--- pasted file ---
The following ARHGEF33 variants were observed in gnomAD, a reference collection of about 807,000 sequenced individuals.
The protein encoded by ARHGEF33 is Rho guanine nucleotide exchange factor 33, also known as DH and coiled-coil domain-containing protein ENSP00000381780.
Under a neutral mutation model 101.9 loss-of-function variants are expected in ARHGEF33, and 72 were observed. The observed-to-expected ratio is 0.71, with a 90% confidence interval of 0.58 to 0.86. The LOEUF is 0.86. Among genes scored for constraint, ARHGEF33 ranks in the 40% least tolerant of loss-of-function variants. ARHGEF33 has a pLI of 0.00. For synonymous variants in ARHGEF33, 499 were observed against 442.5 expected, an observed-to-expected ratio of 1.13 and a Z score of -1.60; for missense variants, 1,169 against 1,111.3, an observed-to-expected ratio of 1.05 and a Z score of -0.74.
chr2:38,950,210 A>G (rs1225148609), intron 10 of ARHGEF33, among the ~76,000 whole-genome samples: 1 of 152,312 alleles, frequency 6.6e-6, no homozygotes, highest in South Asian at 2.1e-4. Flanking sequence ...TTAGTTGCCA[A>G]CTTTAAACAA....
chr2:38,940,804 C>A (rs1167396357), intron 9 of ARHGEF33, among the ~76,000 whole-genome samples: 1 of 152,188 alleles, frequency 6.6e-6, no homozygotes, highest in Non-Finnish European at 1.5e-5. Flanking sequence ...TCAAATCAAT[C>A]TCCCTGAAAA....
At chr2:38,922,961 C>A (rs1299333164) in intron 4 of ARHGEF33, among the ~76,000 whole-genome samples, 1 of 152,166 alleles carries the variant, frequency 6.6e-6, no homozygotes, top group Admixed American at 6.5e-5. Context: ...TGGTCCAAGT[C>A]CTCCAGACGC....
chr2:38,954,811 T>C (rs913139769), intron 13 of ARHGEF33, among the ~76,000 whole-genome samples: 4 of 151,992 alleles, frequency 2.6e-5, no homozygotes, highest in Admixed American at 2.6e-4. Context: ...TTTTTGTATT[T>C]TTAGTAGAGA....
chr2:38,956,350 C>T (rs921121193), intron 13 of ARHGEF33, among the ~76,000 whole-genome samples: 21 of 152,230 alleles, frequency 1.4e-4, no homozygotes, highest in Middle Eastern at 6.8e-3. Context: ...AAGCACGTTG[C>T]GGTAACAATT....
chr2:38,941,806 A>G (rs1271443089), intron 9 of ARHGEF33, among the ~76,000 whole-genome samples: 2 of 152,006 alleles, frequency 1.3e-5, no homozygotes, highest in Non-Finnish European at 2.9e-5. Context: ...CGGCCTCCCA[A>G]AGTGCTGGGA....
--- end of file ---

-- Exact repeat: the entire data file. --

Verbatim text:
The following ARHGEF33 variants were observed in gnomAD, a reference collection of about 807,000 sequenced individuals.
The protein encoded by ARHGEF33 is Rho guanine nucleotide exchange factor 33, also known as DH and coiled-coil domain-containing protein ENSP00000381780.
Under a neutral mutation model 101.9 loss-of-function variants are expected in ARHGEF33, and 72 were observed. The observed-to-expected ratio is 0.71, with a 90% confidence interval of 0.58 to 0.86. The LOEUF is 0.86. Among genes scored for constraint, ARHGEF33 ranks in the 40% least tolerant of loss-of-function variants. ARHGEF33 has a pLI of 0.00. For synonymous variants in ARHGEF33, 499 were observed against 442.5 expected, an observed-to-expected ratio of 1.13 and a Z score of -1.60; for missense variants, 1,169 against 1,111.3, an observed-to-expected ratio of 1.05 and a Z score of -0.74.
chr2:38,950,210 A>G (rs1225148609), intron 10 of ARHGEF33, among the ~76,000 whole-genome samples: 1 of 152,312 alleles, frequency 6.6e-6, no homozygotes, highest in South Asian at 2.1e-4. Flanking sequence ...TTAGTTGCCA[A>G]CTTTAAACAA....
chr2:38,940,804 C>A (rs1167396357), intron 9 of ARHGEF33, among the ~76,000 whole-genome samples: 1 of 152,188 alleles, frequency 6.6e-6, no homozygotes, highest in Non-Finnish European at 1.5e-5. Flanking sequence ...TCAAATCAAT[C>A]TCCCTGAAAA....
At chr2:38,922,961 C>A (rs1299333164) in intron 4 of ARHGEF33, among the ~76,000 whole-genome samples, 1 of 152,166 alleles carries the variant, frequency 6.6e-6, no homozygotes, top group Admixed American at 6.5e-5. Context: ...TGGTCCAAGT[C>A]CTCCAGACGC....
chr2:38,954,811 T>C (rs913139769), intron 13 of ARHGEF33, among the ~76,000 whole-genome samples: 4 of 151,992 alleles, frequency 2.6e-5, no homozygotes, highest in Admixed American at 2.6e-4. Context: ...TTTTTGTATT[T>C]TTAGTAGAGA....
chr2:38,956,350 C>T (rs921121193), intron 13 of ARHGEF33, among the ~76,000 whole-genome samples: 21 of 152,230 alleles, frequency 1.4e-4, no homozygotes, highest in Middle Eastern at 6.8e-3. Context: ...AAGCACGTTG[C>T]GGTAACAATT....
chr2:38,941,806 A>G (rs1271443089), intron 9 of ARHGEF33, among the ~76,000 whole-genome samples: 2 of 152,006 alleles, frequency 1.3e-5, no homozygotes, highest in Non-Finnish European at 2.9e-5. Context: ...CGGCCTCCCA[A>G]AGTGCTGGGA....